"Journey’s End" meets "Talley’s Folly" in Stephen Massicotte’s romance "Mary’s Wedding," which uses a dream motif to tell its story of mismatched lovers -- set against the backdrop of WWI -- while weaving a theatrical spell of hope, regret and memory.
“Journey’s End” meets “Talley’s Folly” in Stephen Massicotte’s romance “Mary’s Wedding,” which uses a dream motif to tell its story of mismatched lovers — set against the backdrop of WWI — while weaving a theatrical spell of hope, regret and memory. For the most part, the show works wonderfully, giving the Canadian scribe’s single-set two-hander a promising forecast for future productions where poignant love stories are welcome.
Dream plays can have a lyrical power, but they can also come across as precious. There’s some of both sensibilities in this beautifully executed production, helmed with respect to the fluidity of the unconscious by Westport a.d. Tazewell Thompson. But when characters and relationships are so lightly drawn, they can lean toward the sentimental.
On the eve of her wedding in 1920, a distressed Mary (Hannah Cabell) dreams of her first meet-cute encounter with true love Charlie (Lee Aaron Rosen) in a thunderous rainstorm years before in rural Canada as both seek shelter in a barn.
She is a newly arrived transplant from England, and her upper-crust mother doesn’t think much of the New World colonists in general, much less of the farmer’s son to whom her daughter has taken a liking. Despite the class divide, Mary is drawn to the handsome and vulnerable young man, an expert horseman who trembles in fear of thunder and lightning. Poetry-loving Mary calms his nerves by having him recite the braveheart call of “The Charge of the Light Brigade” (“Theirs not to reason why/Theirs but to do & die”). The storm passes, and Charlie regains his nerve, discovering an attractive companion. Their sensual gallop home seals the deal.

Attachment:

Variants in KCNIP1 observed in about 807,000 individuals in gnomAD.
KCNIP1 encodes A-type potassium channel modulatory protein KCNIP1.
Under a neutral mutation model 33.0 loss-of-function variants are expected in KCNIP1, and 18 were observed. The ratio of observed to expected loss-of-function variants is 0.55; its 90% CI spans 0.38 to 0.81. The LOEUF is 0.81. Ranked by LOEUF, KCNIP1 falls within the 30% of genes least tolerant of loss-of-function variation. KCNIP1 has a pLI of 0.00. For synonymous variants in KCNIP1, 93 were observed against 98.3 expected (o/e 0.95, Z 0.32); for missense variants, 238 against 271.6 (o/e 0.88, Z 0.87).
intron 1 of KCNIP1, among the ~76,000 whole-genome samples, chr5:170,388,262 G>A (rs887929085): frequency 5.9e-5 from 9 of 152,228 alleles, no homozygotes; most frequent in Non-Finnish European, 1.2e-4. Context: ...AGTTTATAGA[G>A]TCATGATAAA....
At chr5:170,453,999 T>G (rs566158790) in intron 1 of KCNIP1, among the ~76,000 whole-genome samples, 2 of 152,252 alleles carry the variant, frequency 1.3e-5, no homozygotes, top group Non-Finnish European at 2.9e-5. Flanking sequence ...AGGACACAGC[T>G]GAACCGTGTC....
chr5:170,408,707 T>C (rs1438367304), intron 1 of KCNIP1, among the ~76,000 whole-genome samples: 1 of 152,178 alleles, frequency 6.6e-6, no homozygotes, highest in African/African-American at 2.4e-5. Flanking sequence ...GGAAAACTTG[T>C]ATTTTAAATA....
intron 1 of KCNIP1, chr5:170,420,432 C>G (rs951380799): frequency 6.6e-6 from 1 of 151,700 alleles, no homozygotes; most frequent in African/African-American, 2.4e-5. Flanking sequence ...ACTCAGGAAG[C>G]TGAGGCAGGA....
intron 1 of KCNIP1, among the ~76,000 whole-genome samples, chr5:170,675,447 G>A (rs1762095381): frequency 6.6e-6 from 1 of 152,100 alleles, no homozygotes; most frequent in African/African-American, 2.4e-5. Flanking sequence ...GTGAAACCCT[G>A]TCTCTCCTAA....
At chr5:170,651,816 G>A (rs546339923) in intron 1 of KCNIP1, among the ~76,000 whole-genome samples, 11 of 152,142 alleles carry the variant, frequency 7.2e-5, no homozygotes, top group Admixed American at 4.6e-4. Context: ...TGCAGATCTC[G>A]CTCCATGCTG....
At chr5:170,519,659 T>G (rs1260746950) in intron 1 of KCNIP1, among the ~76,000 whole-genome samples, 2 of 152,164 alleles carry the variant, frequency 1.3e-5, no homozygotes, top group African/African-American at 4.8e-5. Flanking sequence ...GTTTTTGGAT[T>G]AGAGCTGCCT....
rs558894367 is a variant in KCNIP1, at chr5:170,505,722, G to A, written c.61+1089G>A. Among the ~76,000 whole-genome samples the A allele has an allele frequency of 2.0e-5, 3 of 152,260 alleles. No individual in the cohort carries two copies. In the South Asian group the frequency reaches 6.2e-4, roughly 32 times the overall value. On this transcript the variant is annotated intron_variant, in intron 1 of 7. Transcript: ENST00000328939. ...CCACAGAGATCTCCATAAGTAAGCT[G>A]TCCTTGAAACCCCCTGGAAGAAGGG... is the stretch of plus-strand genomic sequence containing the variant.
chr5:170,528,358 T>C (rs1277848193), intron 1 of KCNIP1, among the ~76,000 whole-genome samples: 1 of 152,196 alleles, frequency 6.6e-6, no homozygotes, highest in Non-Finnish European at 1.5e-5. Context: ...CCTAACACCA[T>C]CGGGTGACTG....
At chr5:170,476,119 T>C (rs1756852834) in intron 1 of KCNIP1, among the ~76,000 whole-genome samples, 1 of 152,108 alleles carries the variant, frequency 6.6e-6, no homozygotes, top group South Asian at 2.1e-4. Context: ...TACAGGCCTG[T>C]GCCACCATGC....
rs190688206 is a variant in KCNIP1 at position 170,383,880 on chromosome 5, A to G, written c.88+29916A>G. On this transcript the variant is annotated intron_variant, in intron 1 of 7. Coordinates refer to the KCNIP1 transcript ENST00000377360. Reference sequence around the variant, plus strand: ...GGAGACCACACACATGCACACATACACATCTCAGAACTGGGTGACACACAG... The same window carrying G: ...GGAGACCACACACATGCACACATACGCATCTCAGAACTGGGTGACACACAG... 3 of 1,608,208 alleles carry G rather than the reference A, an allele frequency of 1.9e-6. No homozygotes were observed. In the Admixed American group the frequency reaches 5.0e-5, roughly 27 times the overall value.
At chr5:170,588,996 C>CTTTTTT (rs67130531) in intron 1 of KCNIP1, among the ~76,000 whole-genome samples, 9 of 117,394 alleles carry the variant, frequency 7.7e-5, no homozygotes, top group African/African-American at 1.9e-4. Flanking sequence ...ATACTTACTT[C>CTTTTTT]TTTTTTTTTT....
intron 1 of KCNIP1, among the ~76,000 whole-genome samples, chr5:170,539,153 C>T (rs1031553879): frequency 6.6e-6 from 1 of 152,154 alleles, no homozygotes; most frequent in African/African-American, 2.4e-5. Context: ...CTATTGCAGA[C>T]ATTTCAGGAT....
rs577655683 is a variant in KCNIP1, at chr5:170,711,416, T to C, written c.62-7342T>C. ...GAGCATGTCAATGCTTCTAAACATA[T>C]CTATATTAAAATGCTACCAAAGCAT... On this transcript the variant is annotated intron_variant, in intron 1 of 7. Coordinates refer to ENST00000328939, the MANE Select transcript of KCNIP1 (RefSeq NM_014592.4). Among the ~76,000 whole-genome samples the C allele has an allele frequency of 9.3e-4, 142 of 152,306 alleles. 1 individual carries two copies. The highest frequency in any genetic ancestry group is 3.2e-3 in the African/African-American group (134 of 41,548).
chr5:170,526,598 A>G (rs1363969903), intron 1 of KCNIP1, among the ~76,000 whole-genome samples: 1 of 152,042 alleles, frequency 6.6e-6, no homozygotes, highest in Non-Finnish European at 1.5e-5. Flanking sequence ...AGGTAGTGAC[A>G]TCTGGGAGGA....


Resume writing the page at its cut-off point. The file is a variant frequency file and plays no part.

But romantic notions of love, duty and war get tested in short order when WWI breaks out and Charlie volunteers to serve as part of Canada’s celebrated horse brigade. It is clear that poetic writings are quite different from the harsh realities of life.
The dream jumps in and out of time and place: Charlie faces a different kind of boom-flash fear in battle; shifting back, the only obstacle Charlie and Mary face in their budding relationship seems to be a class-conscious mother. Then it’s back to the front again as the dream becomes increasingly fevered.
In a neat conceit that taps into the dreamer’s desperation, Mary also plays the role of Flowers, Charlie’s squadron commander and sympathetic protector, as the battles intensify.
Massicotte has a lovely, lyrical sense, especially in passages describing the drama and details of war. However, his short play comes up even shorter in the details that make up the central relationship, which is sometimes as confounding as it is simple-minded. But thanks to the delicacy of the perfs and direction, the tender-hearted romance still has an affecting, if not bittersweet, conclusion.
Rosen and Cabell make the pair of lovers charming and believable. Rosen, who recalls a young Eric Roberts, strikes the right balance between bravery and vulnerability. Cabell does double duty, principally as the educated and independent Mary, whose ache and happiness are equally palpable, but also as the commander with a heart of his own.
Robert Henderson’s lighting, Donald Eastman’s set and Fabian Obispo’s sound all help create the impressive dreamscape.